Gulf Coast Toads mating

July 1, 2002  The Gulf Coast Toads are calling loudly from the lake tonight, and the one in our front yard was calling for awhile around 10pm.  I saw the frog again in my pond today, so I'm glad it's still here too.  I hope the toad or frog attracts a mate so I can see some eggs in the pond soon.  That would be really cool.

June 30, 2002  It rained all night and all day today, which was wonderful.  I went out mid-day and watched a Reakirt's Blue butterfly nectaring at blackfoot daisy, frogfruit, snake herb, and other small flowers.

There was a water scorpion (I've been told it is: family Nepidae, order Hemiptera) on a lily pad today, and I noticed lots of small snails in the pond, and some dragonfly larva.  The original mosquito fish I put in the pond are now getting pretty big, and there are lots of little baby fish swimming around.  I didn't see the frog today.  The young doves are gone now so I'll probably be spending more time outside next week.  For the past 2 weeks I haven't gone out much since I didn't want to disturb the little mourning doves and their parents.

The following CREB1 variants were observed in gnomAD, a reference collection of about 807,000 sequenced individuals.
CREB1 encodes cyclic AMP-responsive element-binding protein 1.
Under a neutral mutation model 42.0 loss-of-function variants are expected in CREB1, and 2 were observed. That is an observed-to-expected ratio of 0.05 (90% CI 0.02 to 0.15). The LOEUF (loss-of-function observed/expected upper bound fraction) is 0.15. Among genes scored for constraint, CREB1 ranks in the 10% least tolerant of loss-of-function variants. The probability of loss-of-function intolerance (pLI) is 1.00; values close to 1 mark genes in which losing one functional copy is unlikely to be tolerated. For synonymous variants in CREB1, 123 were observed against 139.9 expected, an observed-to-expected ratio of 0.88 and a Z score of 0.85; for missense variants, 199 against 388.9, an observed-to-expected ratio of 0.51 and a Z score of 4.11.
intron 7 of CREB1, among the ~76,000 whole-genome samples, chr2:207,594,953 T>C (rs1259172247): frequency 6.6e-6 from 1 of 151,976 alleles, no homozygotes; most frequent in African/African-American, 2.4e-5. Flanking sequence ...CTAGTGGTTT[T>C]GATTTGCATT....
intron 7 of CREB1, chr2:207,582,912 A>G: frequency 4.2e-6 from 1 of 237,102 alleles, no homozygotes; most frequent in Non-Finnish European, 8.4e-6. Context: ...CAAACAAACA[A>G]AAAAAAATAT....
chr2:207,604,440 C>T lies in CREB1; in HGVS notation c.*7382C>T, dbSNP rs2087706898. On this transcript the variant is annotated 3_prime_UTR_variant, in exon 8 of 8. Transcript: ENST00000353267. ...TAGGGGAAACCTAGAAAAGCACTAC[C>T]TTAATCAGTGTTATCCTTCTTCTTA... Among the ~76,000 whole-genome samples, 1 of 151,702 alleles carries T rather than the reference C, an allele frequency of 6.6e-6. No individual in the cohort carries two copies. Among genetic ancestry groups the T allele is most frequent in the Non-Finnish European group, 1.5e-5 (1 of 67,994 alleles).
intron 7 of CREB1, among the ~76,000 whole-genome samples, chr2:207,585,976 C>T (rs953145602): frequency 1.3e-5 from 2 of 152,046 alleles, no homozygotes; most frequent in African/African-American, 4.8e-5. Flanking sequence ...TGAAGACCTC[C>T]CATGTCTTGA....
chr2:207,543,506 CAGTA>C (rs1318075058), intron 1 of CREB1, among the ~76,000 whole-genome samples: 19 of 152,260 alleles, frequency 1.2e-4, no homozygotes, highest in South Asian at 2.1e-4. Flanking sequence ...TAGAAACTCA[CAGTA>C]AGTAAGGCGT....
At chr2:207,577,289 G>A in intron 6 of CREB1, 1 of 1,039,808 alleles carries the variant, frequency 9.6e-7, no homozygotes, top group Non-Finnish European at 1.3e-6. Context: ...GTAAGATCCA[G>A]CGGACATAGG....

I read a very interesting portion of Darwin's Journal today, where he talks about seeing vast numbers of butterflies several miles offshore from the Rio Plata in South America.  One evening when they were 10 miles from the Bay of San Blas, butterflies extended as far as the eye could range.  "Even by the aid of a telescope it was not possible to see a space free from butterflies.  More species than one were present , but the main part belonged to a kind very similar to, but not itentical with, the common English Colias edusa."  After reading this, which he wrote on Dec 6th, 1832, I decided to look up information on migration of Colias butterflies.  I found the Cloudless Sulpher ranges down to Argentina, but I'm sure there must be many others that are in that area.  In a photo trip report from January 2002 visitors mention clouds of mainly white and yellow butterflies and fields of wildflowers.